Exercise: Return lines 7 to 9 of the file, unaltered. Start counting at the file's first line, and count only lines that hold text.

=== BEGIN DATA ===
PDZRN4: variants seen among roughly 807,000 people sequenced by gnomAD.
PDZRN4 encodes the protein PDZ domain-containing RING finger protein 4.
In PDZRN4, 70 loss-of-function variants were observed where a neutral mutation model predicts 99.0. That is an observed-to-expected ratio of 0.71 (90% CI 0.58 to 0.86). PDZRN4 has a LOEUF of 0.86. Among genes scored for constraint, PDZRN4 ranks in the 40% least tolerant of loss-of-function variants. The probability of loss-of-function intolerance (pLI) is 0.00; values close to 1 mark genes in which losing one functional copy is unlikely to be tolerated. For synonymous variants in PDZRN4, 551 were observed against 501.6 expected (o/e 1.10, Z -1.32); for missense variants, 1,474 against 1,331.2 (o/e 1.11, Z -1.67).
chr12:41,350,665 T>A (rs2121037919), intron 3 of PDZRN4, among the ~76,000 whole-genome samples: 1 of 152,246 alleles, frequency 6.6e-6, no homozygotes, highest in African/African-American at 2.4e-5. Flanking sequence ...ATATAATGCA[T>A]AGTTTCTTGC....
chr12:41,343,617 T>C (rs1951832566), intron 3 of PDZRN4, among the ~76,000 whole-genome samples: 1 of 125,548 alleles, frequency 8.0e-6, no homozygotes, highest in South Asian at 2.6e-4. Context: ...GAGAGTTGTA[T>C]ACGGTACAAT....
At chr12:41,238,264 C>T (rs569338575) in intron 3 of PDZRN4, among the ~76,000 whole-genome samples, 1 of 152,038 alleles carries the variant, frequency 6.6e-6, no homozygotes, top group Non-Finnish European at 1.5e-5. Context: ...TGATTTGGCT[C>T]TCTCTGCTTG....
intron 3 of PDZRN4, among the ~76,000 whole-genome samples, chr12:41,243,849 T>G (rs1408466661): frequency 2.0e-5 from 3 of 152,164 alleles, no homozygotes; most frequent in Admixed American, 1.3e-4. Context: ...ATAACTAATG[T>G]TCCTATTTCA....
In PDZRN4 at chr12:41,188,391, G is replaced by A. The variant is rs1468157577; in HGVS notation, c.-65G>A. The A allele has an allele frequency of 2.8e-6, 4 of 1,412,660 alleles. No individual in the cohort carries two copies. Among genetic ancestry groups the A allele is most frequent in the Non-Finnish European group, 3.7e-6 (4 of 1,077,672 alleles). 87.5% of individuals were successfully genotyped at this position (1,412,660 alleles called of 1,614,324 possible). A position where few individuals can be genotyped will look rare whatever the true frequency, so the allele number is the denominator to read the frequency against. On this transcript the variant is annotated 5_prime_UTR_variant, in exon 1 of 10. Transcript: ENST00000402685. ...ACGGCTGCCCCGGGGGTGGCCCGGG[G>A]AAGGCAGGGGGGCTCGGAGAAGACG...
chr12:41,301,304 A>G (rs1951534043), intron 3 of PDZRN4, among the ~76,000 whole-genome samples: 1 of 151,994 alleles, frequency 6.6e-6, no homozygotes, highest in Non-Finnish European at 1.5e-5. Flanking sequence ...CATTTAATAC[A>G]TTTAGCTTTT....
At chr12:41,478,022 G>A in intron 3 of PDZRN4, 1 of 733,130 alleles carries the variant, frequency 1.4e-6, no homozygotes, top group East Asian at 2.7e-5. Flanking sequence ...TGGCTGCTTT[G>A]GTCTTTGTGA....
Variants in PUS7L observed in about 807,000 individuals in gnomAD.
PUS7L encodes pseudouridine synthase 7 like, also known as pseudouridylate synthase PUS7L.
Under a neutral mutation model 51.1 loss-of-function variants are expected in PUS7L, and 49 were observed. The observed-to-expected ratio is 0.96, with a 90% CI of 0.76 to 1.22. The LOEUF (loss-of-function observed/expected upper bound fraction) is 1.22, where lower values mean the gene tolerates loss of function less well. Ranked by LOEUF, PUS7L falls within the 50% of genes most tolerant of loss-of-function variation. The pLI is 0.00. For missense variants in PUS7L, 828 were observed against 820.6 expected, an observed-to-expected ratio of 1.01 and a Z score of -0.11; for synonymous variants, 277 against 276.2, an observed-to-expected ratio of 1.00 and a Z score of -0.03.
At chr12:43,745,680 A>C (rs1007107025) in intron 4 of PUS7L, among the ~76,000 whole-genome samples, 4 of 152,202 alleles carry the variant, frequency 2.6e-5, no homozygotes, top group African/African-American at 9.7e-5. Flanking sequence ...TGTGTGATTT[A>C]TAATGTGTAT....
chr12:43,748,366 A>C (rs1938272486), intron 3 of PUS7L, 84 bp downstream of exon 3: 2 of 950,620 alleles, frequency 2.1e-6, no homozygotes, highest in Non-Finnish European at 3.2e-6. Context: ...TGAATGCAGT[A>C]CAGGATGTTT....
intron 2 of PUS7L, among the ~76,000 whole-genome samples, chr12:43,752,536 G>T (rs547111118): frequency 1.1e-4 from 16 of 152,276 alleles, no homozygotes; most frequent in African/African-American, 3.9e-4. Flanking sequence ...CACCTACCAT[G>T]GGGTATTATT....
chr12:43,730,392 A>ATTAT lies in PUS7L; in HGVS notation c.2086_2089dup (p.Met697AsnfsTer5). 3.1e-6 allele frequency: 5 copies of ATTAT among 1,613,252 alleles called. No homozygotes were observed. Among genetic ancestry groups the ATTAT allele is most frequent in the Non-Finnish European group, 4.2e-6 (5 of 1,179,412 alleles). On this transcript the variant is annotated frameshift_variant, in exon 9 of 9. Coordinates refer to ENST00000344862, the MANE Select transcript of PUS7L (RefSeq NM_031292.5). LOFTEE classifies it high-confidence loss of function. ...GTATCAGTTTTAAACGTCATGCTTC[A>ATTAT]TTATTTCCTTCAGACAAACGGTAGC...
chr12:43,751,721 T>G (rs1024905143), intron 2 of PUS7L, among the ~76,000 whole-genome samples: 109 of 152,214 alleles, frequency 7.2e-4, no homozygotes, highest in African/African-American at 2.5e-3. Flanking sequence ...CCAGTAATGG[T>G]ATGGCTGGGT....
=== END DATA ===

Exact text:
intron 3 of PDZRN4, among the ~76,000 whole-genome samples, chr12:41,243,849 T>G (rs1408466661): frequency 2.0e-5 from 3 of 152,164 alleles, no homozygotes; most frequent in Admixed American, 1.3e-4. Context: ...ATAACTAATG[T>G]TCCTATTTCA....
In PDZRN4 at chr12:41,188,391, G is replaced by A. The variant is rs1468157577; in HGVS notation, c.-65G>A. The A allele has an allele frequency of 2.8e-6, 4 of 1,412,660 alleles. No individual in the cohort carries two copies. Among genetic ancestry groups the A allele is most frequent in the Non-Finnish European group, 3.7e-6 (4 of 1,077,672 alleles). 87.5% of individuals were successfully genotyped at this position (1,412,660 alleles called of 1,614,324 possible). A position where few individuals can be genotyped will look rare whatever the true frequency, so the allele number is the denominator to read the frequency against. On this transcript the variant is annotated 5_prime_UTR_variant, in exon 1 of 10. Transcript: ENST00000402685. ...ACGGCTGCCCCGGGGGTGGCCCGGG[G>A]AAGGCAGGGGGGCTCGGAGAAGACG...
chr12:41,301,304 A>G (rs1951534043), intron 3 of PDZRN4, among the ~76,000 whole-genome samples: 1 of 151,994 alleles, frequency 6.6e-6, no homozygotes, highest in Non-Finnish European at 1.5e-5. Flanking sequence ...CATTTAATAC[A>G]TTTAGCTTTT....